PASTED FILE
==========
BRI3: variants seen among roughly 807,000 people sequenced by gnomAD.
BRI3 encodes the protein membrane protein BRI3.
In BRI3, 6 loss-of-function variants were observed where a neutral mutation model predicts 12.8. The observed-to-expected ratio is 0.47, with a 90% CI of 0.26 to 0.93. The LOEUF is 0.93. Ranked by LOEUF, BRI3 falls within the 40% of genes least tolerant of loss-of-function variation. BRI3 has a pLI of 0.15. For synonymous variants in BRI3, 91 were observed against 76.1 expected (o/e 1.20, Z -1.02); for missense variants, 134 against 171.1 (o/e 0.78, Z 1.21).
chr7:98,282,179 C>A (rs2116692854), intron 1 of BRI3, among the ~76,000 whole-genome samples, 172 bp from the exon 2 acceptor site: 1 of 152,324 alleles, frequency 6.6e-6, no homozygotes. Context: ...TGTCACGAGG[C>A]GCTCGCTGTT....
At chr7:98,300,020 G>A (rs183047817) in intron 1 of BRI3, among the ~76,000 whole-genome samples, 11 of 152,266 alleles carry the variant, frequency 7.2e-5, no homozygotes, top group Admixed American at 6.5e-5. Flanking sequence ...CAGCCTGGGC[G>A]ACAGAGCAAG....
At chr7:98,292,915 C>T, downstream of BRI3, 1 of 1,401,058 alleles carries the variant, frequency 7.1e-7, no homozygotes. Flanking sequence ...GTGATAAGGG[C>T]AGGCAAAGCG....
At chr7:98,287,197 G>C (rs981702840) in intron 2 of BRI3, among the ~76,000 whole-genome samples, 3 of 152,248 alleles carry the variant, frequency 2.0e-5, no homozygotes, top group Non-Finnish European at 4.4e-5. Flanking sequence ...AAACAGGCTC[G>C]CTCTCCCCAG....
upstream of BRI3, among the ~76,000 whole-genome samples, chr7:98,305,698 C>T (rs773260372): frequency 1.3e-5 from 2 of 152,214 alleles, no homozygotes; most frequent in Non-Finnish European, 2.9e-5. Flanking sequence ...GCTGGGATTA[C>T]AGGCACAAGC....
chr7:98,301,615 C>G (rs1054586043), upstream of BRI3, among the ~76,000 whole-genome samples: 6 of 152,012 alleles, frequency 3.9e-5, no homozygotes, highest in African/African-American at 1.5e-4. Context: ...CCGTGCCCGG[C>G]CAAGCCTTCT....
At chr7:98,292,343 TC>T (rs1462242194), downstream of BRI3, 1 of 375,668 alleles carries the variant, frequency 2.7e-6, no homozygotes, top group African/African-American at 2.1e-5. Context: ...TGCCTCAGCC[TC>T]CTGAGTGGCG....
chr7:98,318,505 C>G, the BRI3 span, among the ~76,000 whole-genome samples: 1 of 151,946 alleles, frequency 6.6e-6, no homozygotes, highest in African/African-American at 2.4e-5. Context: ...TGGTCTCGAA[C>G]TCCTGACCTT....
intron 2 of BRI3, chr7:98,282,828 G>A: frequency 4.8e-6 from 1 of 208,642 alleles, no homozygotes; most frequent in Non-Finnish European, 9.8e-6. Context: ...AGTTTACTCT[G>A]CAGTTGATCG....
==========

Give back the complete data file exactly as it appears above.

BRI3: variants seen among roughly 807,000 people sequenced by gnomAD.
BRI3 encodes the protein membrane protein BRI3.
In BRI3, 6 loss-of-function variants were observed where a neutral mutation model predicts 12.8. The observed-to-expected ratio is 0.47, with a 90% CI of 0.26 to 0.93. The LOEUF is 0.93. Ranked by LOEUF, BRI3 falls within the 40% of genes least tolerant of loss-of-function variation. BRI3 has a pLI of 0.15. For synonymous variants in BRI3, 91 were observed against 76.1 expected (o/e 1.20, Z -1.02); for missense variants, 134 against 171.1 (o/e 0.78, Z 1.21).
chr7:98,282,179 C>A (rs2116692854), intron 1 of BRI3, among the ~76,000 whole-genome samples, 172 bp from the exon 2 acceptor site: 1 of 152,324 alleles, frequency 6.6e-6, no homozygotes. Context: ...TGTCACGAGG[C>A]GCTCGCTGTT....
At chr7:98,300,020 G>A (rs183047817) in intron 1 of BRI3, among the ~76,000 whole-genome samples, 11 of 152,266 alleles carry the variant, frequency 7.2e-5, no homozygotes, top group Admixed American at 6.5e-5. Flanking sequence ...CAGCCTGGGC[G>A]ACAGAGCAAG....
At chr7:98,292,915 C>T, downstream of BRI3, 1 of 1,401,058 alleles carries the variant, frequency 7.1e-7, no homozygotes. Flanking sequence ...GTGATAAGGG[C>T]AGGCAAAGCG....
At chr7:98,287,197 G>C (rs981702840) in intron 2 of BRI3, among the ~76,000 whole-genome samples, 3 of 152,248 alleles carry the variant, frequency 2.0e-5, no homozygotes, top group Non-Finnish European at 4.4e-5. Flanking sequence ...AAACAGGCTC[G>C]CTCTCCCCAG....
upstream of BRI3, among the ~76,000 whole-genome samples, chr7:98,305,698 C>T (rs773260372): frequency 1.3e-5 from 2 of 152,214 alleles, no homozygotes; most frequent in Non-Finnish European, 2.9e-5. Flanking sequence ...GCTGGGATTA[C>T]AGGCACAAGC....
chr7:98,301,615 C>G (rs1054586043), upstream of BRI3, among the ~76,000 whole-genome samples: 6 of 152,012 alleles, frequency 3.9e-5, no homozygotes, highest in African/African-American at 1.5e-4. Context: ...CCGTGCCCGG[C>G]CAAGCCTTCT....
At chr7:98,292,343 TC>T (rs1462242194), downstream of BRI3, 1 of 375,668 alleles carries the variant, frequency 2.7e-6, no homozygotes, top group African/African-American at 2.1e-5. Context: ...TGCCTCAGCC[TC>T]CTGAGTGGCG....
chr7:98,318,505 C>G, the BRI3 span, among the ~76,000 whole-genome samples: 1 of 151,946 alleles, frequency 6.6e-6, no homozygotes, highest in African/African-American at 2.4e-5. Context: ...TGGTCTCGAA[C>G]TCCTGACCTT....
intron 2 of BRI3, chr7:98,282,828 G>A: frequency 4.8e-6 from 1 of 208,642 alleles, no homozygotes; most frequent in Non-Finnish European, 9.8e-6. Context: ...AGTTTACTCT[G>A]CAGTTGATCG....